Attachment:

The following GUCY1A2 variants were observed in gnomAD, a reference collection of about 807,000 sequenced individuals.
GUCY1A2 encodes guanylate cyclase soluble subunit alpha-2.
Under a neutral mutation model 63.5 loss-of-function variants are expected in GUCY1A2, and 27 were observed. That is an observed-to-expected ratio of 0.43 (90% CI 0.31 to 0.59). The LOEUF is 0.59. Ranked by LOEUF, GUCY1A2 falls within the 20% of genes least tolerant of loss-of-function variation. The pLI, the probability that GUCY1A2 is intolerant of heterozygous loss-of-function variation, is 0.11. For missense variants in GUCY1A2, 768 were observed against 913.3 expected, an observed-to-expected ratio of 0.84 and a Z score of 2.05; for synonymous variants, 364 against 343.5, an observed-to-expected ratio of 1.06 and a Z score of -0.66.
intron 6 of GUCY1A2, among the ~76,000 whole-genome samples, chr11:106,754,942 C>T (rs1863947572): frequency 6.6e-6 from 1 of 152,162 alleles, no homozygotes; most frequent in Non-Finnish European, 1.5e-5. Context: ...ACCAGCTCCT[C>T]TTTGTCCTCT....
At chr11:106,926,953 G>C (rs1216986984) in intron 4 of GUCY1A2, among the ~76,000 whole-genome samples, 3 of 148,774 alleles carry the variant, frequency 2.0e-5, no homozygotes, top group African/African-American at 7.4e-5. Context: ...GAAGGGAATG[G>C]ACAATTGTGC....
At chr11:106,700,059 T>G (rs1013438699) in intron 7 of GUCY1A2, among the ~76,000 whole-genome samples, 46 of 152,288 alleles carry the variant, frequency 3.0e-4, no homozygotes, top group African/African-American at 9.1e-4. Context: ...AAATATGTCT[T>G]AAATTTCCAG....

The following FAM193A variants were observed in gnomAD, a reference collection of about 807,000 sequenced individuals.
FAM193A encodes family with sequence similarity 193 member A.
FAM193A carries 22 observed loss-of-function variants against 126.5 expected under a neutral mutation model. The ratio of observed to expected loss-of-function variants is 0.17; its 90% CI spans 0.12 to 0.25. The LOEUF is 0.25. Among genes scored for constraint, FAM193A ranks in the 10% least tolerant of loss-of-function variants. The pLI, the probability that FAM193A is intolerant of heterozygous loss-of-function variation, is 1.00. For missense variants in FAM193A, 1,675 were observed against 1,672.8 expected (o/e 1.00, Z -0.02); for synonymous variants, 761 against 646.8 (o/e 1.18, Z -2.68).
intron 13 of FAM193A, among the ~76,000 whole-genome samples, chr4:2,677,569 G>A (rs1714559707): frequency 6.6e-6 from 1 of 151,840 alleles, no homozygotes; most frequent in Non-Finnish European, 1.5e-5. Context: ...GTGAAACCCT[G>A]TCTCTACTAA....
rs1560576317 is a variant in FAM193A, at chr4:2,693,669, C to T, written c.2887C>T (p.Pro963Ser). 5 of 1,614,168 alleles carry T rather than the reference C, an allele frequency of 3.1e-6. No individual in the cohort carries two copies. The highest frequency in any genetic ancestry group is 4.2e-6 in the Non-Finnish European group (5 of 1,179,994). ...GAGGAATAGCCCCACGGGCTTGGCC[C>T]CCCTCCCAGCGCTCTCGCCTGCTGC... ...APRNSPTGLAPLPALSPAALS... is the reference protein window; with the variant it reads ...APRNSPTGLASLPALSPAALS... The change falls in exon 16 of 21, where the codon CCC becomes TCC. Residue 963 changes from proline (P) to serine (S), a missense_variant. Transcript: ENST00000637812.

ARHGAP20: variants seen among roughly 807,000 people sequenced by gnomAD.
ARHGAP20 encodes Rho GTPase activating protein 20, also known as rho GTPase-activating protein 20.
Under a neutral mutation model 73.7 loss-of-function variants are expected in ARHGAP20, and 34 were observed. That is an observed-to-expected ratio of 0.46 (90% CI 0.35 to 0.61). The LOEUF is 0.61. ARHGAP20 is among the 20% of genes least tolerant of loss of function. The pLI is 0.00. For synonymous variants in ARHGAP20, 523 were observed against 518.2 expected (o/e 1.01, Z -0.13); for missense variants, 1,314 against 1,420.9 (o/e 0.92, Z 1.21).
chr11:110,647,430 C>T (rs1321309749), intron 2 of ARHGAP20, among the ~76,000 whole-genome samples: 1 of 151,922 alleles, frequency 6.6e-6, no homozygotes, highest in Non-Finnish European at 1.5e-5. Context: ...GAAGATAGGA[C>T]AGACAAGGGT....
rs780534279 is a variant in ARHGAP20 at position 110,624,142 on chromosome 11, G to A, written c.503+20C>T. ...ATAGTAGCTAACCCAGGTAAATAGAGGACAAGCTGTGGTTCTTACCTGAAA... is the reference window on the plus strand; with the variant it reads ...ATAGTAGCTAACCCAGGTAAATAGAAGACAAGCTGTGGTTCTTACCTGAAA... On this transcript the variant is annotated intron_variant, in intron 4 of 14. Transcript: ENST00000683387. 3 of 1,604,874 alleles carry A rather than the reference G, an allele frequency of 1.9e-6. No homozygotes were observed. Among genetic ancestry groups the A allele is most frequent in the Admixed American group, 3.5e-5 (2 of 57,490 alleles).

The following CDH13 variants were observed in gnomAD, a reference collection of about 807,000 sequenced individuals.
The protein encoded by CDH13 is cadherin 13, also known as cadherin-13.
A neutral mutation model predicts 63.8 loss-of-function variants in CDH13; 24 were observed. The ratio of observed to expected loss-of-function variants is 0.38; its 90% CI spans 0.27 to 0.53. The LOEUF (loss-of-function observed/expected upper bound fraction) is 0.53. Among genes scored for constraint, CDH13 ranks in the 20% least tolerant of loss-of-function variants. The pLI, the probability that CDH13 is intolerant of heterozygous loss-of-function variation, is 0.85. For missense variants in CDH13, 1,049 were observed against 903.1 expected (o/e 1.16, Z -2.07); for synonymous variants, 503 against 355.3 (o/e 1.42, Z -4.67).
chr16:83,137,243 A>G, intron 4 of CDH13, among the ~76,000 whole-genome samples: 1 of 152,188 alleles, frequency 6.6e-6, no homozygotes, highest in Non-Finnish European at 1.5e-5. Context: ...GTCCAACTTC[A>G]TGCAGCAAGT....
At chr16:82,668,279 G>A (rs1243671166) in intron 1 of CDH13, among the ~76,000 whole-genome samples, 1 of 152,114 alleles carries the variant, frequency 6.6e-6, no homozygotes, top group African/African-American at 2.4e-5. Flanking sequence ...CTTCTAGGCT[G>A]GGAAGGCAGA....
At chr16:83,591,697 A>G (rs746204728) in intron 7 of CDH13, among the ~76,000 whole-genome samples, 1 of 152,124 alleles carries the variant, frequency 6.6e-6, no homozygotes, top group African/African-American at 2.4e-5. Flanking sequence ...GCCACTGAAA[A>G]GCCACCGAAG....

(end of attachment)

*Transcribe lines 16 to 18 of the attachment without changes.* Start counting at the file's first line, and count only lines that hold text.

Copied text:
rs780534279 is a variant in ARHGAP20 at position 110,624,142 on chromosome 11, G to A, written c.503+20C>T. ...ATAGTAGCTAACCCAGGTAAATAGAGGACAAGCTGTGGTTCTTACCTGAAA... is the reference window on the plus strand; with the variant it reads ...ATAGTAGCTAACCCAGGTAAATAGAAGACAAGCTGTGGTTCTTACCTGAAA... On this transcript the variant is annotated intron_variant, in intron 4 of 14. Transcript: ENST00000683387. 3 of 1,604,874 alleles carry A rather than the reference G, an allele frequency of 1.9e-6. No homozygotes were observed. Among genetic ancestry groups the A allele is most frequent in the Admixed American group, 3.5e-5 (2 of 57,490 alleles).

The following CDH13 variants were observed in gnomAD, a reference collection of about 807,000 sequenced individuals.
The protein encoded by CDH13 is cadherin 13, also known as cadherin-13.